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Quick Takes: Harvard Moves Ahead on Stem Cells, Hobart Drops SAT, NYU Will Return Gift, Court Rejects Challenge to Medical Residency System, American U. Responds to Senator, Stanford Revamps MBA, Next Step in Open Access, End to British Pay Dispute

June 7, 2006
  • Harvard University announced Tuesday that it would move ahead with a series of research projects involving cloned human stem cell lines, which will be used to try to develop treatments for specific diseases. The research is the type generally deplored by the Bush administration as unethical, but Harvard officials noted that they had undertaken extensive study of the ethical issues and the appropriate protections needed.
  • Hobart and William Smith Colleges, in New York State, announced Tuesday that they would make the SAT optional for applicants. College officials said that although the SAT scores of applicants have been rising in recent years, the college has found that high school courses provide the best indicator of a student's ability. In the past two years, an increasing number of liberal arts colleges have ended standardized testing requirements, and many of those have reported gains in applications and enrollments -- particularly minority enrollments -- after making the move.
  • New York University plans to return a $1.25 million gift from a former student who pleaded guilty to bank fraud amd wire fraud on Tuesday, The New York Times reported. NYU told The Times that its policy was always to return any "ill gotten" funds, and that the university was just waiting for a definitive indication of whom the money should go to.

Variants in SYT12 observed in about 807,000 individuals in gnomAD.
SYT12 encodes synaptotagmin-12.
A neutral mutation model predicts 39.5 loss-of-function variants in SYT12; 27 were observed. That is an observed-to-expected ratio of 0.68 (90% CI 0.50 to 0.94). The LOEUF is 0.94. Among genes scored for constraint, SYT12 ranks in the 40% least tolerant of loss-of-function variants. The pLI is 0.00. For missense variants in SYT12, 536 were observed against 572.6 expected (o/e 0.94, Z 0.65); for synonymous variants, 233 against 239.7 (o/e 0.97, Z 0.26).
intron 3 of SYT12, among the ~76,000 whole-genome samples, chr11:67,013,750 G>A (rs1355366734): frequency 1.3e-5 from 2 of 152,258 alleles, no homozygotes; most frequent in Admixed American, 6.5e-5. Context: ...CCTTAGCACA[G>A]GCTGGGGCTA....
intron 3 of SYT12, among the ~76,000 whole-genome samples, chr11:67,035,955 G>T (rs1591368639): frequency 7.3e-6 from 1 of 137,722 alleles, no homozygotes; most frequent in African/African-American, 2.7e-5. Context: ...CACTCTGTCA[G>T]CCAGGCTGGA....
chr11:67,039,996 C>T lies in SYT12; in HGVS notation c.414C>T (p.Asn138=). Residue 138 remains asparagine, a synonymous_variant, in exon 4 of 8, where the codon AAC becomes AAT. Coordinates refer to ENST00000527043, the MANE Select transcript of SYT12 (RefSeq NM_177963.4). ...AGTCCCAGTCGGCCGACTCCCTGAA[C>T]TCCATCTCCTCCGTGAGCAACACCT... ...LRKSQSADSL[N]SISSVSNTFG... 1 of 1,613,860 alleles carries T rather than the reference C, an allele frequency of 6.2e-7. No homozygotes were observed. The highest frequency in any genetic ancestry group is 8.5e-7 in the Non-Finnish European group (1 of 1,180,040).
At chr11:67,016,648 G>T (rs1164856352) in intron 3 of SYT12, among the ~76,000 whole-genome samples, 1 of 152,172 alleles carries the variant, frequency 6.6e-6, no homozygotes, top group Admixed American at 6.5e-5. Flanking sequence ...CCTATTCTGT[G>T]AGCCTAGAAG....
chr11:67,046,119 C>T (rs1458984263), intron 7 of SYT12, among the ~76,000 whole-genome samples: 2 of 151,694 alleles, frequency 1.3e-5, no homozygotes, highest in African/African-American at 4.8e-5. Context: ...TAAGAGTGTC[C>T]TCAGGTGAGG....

• A federal appeals court has upheld a lower court's ruling that rejected a lawsuit claiming that the system used to match medical school graduates with residency programs violated antitrust laws. The Association of American Medical Colleges is praising the decision.
  • The American University Board of Trustees has responded to questions and criticisms raised by Sen. Charles E. Grassley, the Iowa Republican who leads the Senate Finance Committee. In a letter to Grassley, the university noted a series of governance changes it adopted in the wake of a scandal involving compensation for the former president of the university, Benjamin Ladner. The letter indicated that the board believed it was fully cooperating with requests that it turn over information, and that American University believes it now has a changed culture that would prevent abuses from taking place. Senator Grassley released his own letter Tuesday, saying that while American has "taken some steps in the right direction," on some issues some board members seem "more interested in excuses than meaningful reform."
  • Stanford University is revamping its MBA program, to make it more individually tailored to students, rather than providing a single curriculum. The move comes at a time that other leading business schools are also making significant changes in their curriculums.
  • The Public Library of Science, which promotes open-access scientific publishing, is launching a new project PLoS One, which will be a peer-reviewed online publication that will aim to bring good research in a variety of fields quickly into public view, and to encourage communication about that research.
  • The British faculty union and university leaders have settled a long and bitter salary dispute, clearing the way for grading of exams to resume, The Guardian reported. The agreement covers both academic and non-academic workers and follows growing concern over the impact of the dispute on students' progress toward graduation.
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